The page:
Recently, someone asked me how I know whether a client is really going to be successful in achieving organizational health.
It is a great question.
While there are several factors involved in making such a prediction, I’m convinced that one single indicator demonstrates that a client really “gets it,” that they are likely to experience the kind of transformation that only organizational health can bring about. Though that indicator isn’t directly related to teamwork, clarity, communication or systems, it connects all of these disciplines in a way that nothing else can.
What I’m talking about are meetings.
Not the kind of meetings that non-healthy organizations have, the ones where every issue under the sun gets thrown onto an agenda, nothing seems to get decided, unimportant topics and PowerPoint presentations take up valuable time. Executives check their watches, waiting for the painful ritual to end.
I’m talking about meetings with clarity, focus and intense interaction.
Most of our clients immediately understand the importance of the meetings model I propose to them, and they excitedly adopt it. Adoption is rarely the challenge, as my approach is simple and practical. The bigger obstacle they face – and this is a litmus test of sorts – is whether they will have the discipline and courage to stay with those meetings over the long haul and keep passionately focused on the most critical issues.
Solving a problem is one thing; continuing to exploit that solution after its novelty has worn off is another. Too many leaders struggle with discipline, getting bored with consistency and continuity and searching for something new and exciting. And many of them, even if they do stick to the structure of their meetings, lack courage when entering the danger around difficult topics, choosing a more harmonious path instead.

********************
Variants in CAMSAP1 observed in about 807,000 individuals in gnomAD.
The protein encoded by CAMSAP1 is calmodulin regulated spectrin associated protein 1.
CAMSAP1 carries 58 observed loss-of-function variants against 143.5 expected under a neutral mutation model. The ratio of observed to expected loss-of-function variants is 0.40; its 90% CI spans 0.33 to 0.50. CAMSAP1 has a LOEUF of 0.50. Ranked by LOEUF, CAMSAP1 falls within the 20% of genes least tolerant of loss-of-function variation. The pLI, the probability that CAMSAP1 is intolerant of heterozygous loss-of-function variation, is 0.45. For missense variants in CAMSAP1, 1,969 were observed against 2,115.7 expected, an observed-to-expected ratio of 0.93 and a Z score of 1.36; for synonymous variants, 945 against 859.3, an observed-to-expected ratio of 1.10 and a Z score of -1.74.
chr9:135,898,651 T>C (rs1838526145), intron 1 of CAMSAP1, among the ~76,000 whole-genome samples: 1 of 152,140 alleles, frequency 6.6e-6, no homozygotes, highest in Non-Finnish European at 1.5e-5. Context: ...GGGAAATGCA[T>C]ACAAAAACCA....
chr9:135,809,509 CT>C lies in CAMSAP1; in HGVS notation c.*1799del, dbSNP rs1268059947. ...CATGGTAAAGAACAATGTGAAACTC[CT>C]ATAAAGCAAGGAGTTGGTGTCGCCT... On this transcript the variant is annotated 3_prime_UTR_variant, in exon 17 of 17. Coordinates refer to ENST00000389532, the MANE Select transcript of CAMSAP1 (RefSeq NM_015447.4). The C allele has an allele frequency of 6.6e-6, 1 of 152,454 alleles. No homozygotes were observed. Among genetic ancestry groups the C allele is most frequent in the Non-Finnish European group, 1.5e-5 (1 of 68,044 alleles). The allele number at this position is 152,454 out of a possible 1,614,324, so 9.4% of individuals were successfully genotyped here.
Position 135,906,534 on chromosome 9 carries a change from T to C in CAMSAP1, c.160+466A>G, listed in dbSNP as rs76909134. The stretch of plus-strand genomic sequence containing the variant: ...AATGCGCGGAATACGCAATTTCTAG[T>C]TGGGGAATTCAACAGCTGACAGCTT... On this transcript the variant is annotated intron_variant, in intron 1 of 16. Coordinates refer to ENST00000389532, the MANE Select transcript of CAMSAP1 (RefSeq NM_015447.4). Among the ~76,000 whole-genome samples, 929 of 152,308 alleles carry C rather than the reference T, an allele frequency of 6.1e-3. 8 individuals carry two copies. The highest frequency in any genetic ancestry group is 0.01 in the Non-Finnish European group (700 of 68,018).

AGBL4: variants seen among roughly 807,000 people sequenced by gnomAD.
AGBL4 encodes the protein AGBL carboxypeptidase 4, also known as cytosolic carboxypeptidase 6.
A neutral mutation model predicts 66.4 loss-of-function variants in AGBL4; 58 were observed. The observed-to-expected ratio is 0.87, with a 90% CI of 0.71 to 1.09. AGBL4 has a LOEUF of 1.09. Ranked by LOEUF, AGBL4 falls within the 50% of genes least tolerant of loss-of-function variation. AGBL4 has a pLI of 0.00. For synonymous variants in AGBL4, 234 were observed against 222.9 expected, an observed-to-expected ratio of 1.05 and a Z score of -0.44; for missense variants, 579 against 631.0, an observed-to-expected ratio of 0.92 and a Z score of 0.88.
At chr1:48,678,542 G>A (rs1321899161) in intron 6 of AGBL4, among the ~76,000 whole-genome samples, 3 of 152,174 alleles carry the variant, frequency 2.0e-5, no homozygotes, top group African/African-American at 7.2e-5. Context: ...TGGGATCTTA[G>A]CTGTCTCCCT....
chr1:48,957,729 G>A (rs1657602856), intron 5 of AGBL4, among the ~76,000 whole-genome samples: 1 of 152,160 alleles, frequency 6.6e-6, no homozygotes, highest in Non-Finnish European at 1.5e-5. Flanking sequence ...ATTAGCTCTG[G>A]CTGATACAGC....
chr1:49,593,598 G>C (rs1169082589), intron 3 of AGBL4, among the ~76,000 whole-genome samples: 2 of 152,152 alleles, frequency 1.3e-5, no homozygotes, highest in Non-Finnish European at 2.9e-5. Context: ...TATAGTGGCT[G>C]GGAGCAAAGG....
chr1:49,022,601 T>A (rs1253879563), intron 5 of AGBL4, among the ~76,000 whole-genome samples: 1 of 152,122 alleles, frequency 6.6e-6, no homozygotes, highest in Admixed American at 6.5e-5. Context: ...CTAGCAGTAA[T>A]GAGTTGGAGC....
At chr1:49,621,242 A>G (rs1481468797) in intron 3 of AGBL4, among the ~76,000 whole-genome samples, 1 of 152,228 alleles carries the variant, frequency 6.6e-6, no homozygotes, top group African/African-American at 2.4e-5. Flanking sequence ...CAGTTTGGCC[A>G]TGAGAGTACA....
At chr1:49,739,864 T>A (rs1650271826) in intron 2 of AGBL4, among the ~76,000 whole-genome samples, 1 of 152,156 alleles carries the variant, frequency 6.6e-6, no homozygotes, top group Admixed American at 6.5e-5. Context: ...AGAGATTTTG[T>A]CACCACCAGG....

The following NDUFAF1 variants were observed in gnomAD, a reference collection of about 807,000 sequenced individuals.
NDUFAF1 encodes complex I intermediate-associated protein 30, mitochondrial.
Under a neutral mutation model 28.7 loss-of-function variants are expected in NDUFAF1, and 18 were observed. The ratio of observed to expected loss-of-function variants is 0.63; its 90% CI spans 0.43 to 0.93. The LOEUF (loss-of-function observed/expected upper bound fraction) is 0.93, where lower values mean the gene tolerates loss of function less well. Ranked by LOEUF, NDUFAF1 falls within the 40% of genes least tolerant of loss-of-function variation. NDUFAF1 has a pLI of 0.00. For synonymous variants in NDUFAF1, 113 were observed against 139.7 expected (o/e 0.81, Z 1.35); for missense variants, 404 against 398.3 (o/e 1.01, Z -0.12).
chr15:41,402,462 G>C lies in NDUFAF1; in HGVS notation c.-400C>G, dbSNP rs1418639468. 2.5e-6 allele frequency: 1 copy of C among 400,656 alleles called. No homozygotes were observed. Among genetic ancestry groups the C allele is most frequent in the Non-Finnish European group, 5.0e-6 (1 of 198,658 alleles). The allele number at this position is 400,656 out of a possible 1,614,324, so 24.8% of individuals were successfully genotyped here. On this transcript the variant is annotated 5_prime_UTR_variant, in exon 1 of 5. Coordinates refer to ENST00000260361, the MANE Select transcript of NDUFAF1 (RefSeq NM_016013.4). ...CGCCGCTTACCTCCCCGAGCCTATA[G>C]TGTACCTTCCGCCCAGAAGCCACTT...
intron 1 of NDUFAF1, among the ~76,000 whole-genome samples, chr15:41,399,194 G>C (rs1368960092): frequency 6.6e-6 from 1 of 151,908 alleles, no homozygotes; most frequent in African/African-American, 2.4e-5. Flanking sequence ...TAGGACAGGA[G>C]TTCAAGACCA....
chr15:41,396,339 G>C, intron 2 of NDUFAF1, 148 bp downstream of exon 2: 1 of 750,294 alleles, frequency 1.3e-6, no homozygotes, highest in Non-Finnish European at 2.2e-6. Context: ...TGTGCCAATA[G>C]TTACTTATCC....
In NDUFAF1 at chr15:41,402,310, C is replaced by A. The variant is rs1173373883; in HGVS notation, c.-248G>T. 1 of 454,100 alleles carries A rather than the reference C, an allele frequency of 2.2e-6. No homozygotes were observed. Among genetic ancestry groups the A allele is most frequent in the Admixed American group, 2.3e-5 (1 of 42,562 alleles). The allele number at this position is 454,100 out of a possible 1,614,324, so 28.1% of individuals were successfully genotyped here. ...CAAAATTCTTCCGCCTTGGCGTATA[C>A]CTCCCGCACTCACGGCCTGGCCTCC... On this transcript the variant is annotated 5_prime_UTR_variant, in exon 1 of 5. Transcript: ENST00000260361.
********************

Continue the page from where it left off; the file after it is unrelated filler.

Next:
The myth that meetings are inherently bad.
For some reason, we have accepted that meetings are a necessary evil of organizational life. Worse, we think all meetings are painful and unproductive time wasters.
But the fact is, bad meetings are a reflection of bad leaders. Worse yet, they take a more devastating toll on a company’s success than we realize.
Fortunately, for those who are willing to challenge the notion that meetings are unfixable, it is possible to transform what is now tedious and debilitating into something productive, focused, even energizing.
However, the key to improving meetings has nothing to do with better preparation, agendas or minutes. To address the problem, leaders need to understand why they are so bad, take a contrarian view of meetings and apply a few basic guidelines.
Meetings are bad due to two basic problems.
- First, meetings are boring.
- Second, most meetings lack context and purpose. They are a confusing mix of administrivia, tactics, strategy and review, all of which create unfocused, meandering and seemingly endless conferences with little resolution or clarity.
The Meeting Agenda That Creates Drama and Clarity
Lightning Round (Report) – (What and where does each individual need help on work that is deemed the “Most Important Right Now”)
Organizational Clarity – (Confirm Clarity – every time to ensure the meeting is focused on the right work)
- Why Do We Exist?
- How Do We Behave
- What Do We Do?
- How Will We Succeed?
What Is Most Important Right Now? (Thematic Goal)
Today’s Topics (should be directly connected with achieving the Thematic Goal)
- Topics for discussion
- Topics for strategic meetings – are there subject so strategic and important that they require their own meeting
- Cascading Communications Messages
The fact is, running a healthy organization is neither sexy nor comfortable.
Leaders who want to be stimulated and entertained more than they want their companies to succeed will often find it too taxing.
They’ll be easily tempted by the latest fad or flavour of the month, which almost always means their meetings will become scattered, unfocused and inconsistent.
What is particularly ironic about all of this is that eventually and inevitably, those meetings become boring.
And so, here is my advice to any leader considering the journey toward making his or her organization healthy: know that one of your primary responsibilities, perhaps the most important one, is ensuring that your meetings are outstanding.
Make them a constant, living example of teamwork, clarity and communication.
As unsexy as that may seem, there is no greater predictor of organizational health.